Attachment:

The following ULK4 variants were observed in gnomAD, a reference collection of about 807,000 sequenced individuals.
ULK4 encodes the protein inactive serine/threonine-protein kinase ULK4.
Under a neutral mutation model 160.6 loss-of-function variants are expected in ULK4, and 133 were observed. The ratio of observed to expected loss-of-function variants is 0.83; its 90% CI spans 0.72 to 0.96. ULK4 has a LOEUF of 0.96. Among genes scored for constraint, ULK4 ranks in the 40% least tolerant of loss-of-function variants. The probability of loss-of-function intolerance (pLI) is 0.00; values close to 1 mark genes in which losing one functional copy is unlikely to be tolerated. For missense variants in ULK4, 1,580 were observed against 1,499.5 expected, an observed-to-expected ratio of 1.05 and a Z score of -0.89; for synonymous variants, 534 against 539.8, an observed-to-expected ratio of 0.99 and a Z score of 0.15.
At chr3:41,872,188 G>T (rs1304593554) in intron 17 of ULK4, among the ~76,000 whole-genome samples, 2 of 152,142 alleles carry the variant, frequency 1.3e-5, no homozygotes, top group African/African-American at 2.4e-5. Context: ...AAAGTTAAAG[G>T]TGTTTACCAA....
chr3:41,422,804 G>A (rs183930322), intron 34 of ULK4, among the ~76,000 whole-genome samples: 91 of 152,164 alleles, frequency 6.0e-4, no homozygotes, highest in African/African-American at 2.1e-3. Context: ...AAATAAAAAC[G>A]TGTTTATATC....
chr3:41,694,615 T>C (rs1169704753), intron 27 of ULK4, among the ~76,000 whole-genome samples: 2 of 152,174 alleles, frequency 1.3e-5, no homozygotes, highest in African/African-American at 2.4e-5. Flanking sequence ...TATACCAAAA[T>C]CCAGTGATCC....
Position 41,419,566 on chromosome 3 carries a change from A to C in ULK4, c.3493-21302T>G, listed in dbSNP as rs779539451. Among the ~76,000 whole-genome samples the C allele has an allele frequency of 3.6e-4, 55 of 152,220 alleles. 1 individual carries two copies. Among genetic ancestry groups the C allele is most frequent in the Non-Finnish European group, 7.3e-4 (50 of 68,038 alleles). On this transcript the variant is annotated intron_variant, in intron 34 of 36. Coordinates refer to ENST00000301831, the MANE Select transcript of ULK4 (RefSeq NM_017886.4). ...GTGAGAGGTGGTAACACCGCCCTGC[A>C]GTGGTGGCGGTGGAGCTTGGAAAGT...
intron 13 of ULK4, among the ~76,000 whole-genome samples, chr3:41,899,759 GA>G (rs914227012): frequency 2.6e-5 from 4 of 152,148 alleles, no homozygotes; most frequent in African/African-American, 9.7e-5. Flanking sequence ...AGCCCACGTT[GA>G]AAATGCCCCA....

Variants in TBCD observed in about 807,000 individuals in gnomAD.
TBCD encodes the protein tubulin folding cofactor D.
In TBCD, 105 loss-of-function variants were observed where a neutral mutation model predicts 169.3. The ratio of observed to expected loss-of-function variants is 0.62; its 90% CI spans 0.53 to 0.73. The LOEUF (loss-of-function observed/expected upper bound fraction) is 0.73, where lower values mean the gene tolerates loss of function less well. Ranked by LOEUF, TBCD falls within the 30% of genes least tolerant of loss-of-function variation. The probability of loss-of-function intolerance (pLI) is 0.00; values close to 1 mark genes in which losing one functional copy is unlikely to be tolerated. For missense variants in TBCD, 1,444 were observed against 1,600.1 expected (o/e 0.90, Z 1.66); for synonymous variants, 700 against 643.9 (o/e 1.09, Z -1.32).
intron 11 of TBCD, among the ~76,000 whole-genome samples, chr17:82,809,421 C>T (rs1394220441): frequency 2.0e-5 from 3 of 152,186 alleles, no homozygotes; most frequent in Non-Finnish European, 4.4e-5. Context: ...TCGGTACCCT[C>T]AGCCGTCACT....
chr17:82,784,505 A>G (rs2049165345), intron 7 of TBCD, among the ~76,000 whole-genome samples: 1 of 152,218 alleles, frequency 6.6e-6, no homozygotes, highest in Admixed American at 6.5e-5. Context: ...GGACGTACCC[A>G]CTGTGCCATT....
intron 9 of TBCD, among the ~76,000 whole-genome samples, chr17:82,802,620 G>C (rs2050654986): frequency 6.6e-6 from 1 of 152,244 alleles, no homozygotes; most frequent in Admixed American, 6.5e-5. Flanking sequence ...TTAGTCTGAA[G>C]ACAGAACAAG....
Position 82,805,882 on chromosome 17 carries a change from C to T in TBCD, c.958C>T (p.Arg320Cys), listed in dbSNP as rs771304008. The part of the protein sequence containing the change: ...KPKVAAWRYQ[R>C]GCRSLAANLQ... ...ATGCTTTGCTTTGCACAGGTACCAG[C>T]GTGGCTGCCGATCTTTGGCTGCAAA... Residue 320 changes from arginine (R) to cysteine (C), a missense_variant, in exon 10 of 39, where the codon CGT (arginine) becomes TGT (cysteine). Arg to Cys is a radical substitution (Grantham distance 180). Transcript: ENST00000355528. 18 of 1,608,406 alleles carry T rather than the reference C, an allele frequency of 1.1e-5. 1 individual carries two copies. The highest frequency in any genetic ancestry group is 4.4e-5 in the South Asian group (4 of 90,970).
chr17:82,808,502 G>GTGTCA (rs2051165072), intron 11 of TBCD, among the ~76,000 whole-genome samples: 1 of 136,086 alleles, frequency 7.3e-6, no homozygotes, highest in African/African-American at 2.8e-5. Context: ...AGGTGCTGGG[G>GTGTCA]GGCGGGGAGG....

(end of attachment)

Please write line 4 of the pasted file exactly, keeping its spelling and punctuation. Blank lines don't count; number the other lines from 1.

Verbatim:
At chr3:41,872,188 G>T (rs1304593554) in intron 17 of ULK4, among the ~76,000 whole-genome samples, 2 of 152,142 alleles carry the variant, frequency 1.3e-5, no homozygotes, top group African/African-American at 2.4e-5. Context: ...AAAGTTAAAG[G>T]TGTTTACCAA....